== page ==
By now you are probably familiar with the details of the devastating barn fire at Goshen Historic Track last Wednesday evening. The fire started around 6:00 pm and spread ferociously. We are very grateful that there was no loss of life and that more than 30 horses were rescued from their burning stalls. For this we must thank the quick thinking and responses of good Samaritans, harness racing trainers, Track staff and firefighters.   The following day, work crews were able to salvage some mementos from the historic stables and blacksmith shop. "It's a little early to tell what our exact plans are," said Steve Jones, the Historic Track board president. "But we've been here since 1838 ... We're going to pick ourselves up." More than anything, it is important to keep our national historic landmark a vital part of harness racing history. It is still the area's premier location for boarding, training and racing Standardbreds.   Now, more than ever, we need your support. We will be entering our 108th season of harness racing in 2018. Goshen Historic Track is the oldest active harness racing track in the world. Please help us keep the tradition of harness racing alive. A donation of any amount would be greatly appreciated.   Thank you!   *Goshen Historic Track is a 501C3 non-profit National Historic Landmark. Your donation will be tax deductible.   Here are more details about the fire on the Chronicle (Straus News) website.   Also: read more details about the fire on the Times Herald-Record website.    Visit our website   Check us out on Facebook   Please Help Us Rebuild   Goshen Historic Track | 44 Park Place, Goshen, NY 10924 845-294-5333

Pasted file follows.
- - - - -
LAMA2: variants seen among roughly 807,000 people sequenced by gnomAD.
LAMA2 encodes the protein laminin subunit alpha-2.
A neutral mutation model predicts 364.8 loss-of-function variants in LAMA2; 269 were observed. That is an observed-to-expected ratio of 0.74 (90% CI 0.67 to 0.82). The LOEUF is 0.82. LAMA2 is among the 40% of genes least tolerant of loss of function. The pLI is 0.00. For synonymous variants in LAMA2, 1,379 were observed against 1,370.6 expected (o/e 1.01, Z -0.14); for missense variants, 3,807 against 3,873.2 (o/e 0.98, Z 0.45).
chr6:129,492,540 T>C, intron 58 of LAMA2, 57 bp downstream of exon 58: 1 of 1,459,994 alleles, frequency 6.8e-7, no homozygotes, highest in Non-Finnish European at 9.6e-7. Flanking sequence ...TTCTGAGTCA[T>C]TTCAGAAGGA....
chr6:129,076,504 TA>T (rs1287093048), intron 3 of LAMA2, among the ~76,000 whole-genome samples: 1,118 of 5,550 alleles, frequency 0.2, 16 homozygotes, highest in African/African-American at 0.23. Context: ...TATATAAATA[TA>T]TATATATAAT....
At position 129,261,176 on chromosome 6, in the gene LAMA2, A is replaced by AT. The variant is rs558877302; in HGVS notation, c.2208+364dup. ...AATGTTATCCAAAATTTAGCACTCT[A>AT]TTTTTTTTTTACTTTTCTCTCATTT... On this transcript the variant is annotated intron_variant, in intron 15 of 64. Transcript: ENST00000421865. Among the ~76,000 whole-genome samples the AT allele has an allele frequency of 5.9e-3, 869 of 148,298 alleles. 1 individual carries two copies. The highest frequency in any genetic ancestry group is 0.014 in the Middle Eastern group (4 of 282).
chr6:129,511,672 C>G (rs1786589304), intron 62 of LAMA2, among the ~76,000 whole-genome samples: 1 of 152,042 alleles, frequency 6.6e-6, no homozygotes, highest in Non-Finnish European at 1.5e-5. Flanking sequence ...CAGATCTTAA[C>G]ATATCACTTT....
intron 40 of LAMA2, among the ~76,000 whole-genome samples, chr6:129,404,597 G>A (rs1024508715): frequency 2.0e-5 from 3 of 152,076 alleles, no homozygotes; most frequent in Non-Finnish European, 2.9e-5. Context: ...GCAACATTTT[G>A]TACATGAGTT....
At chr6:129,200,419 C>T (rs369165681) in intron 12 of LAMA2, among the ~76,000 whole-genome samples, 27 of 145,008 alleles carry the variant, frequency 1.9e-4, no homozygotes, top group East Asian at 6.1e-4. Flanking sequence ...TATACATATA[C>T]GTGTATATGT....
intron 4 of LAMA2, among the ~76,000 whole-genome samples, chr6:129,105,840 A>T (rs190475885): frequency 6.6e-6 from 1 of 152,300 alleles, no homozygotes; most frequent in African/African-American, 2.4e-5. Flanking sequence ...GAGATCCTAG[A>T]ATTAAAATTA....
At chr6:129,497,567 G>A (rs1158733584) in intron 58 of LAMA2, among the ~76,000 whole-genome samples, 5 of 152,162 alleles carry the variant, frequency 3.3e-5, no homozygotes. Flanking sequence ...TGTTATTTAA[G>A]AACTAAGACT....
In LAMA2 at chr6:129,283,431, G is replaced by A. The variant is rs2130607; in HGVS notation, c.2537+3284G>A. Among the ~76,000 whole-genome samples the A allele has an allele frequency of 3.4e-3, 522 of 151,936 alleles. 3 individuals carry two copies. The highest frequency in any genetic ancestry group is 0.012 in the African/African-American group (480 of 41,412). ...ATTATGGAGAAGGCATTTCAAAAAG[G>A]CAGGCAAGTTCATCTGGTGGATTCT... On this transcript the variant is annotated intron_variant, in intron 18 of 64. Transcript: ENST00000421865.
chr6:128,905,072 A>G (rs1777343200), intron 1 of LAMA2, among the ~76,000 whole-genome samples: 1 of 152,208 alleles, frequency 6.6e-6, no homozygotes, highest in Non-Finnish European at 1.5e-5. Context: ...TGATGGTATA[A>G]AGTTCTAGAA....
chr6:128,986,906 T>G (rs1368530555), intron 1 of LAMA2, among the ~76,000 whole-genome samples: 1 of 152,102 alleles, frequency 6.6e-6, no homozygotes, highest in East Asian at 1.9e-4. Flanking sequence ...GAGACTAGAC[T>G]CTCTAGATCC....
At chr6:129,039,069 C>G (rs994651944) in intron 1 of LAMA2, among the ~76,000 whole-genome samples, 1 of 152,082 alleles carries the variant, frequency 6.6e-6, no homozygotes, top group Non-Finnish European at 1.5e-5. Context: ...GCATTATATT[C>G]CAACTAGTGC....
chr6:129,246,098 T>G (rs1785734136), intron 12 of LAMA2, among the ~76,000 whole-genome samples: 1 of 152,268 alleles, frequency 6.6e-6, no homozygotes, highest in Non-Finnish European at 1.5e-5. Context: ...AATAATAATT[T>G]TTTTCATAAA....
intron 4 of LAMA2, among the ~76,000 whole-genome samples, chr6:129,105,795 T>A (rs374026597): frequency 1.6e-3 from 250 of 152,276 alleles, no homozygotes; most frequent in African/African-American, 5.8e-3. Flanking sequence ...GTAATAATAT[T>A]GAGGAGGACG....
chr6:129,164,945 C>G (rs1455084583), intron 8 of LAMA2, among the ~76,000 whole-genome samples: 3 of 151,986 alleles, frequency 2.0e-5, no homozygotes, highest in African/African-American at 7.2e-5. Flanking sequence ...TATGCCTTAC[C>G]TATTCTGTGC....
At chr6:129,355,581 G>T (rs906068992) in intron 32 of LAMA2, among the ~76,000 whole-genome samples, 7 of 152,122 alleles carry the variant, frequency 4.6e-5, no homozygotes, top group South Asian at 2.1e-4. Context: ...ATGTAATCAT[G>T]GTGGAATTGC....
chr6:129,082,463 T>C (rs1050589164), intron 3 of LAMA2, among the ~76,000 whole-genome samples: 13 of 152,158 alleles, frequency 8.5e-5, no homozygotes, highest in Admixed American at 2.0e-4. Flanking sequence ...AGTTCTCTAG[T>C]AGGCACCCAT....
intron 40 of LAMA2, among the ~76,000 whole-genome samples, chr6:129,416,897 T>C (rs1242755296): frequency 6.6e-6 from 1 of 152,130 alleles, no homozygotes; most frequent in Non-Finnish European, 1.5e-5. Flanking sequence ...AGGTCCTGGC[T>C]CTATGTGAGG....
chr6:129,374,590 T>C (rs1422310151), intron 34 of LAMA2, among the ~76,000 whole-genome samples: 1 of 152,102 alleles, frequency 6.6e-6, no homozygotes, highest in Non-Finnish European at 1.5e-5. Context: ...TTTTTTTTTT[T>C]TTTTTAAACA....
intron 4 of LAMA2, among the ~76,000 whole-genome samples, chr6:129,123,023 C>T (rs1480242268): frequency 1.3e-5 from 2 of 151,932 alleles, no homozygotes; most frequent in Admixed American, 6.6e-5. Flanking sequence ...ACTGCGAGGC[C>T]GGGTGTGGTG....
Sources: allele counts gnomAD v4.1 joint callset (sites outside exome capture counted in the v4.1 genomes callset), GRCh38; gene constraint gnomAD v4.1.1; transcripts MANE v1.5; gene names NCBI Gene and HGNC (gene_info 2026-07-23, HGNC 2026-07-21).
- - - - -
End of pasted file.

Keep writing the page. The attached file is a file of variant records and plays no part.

There was a fire at Goshen Historic Track at approximately 6:15 p.m. Wednesday. The blacksmith shop, a row of stalls and most of the BOCES barn were destroyed. We are grateful for the quick and effective job performed by our local fire departments, which came to our rescue and prevented tremendous tragedy for both GHT and our community at large. Their response saved numerous other structures. We would like to express our gratitude to everyone who helped remove the horses from the stalls and ensured their safety, specifically Candyce Conroy, Kristy Nehrkorn and Tim Masters, just to name a few. All the horses were saved and there was no loss of life. We will be working with fire officials regarding cause and carefully reviewing all of our structures to ensure their safety. Our facility is located in the middle of downtown Goshen, and our goal is to improve and maintain this historic facility for our community and the horsemen who support GHT. This loss will be a great challenge for both GHT and our local horsemen. Anyone who would like to contribute to GHT, which is a nonprofit 501c3, please call our office at 845-294-5333 or mail contributions to Goshen Historic Track, 44 Park Place, Goshen, N.Y. 10924. PayPal contributions can be made to Ken Weingartner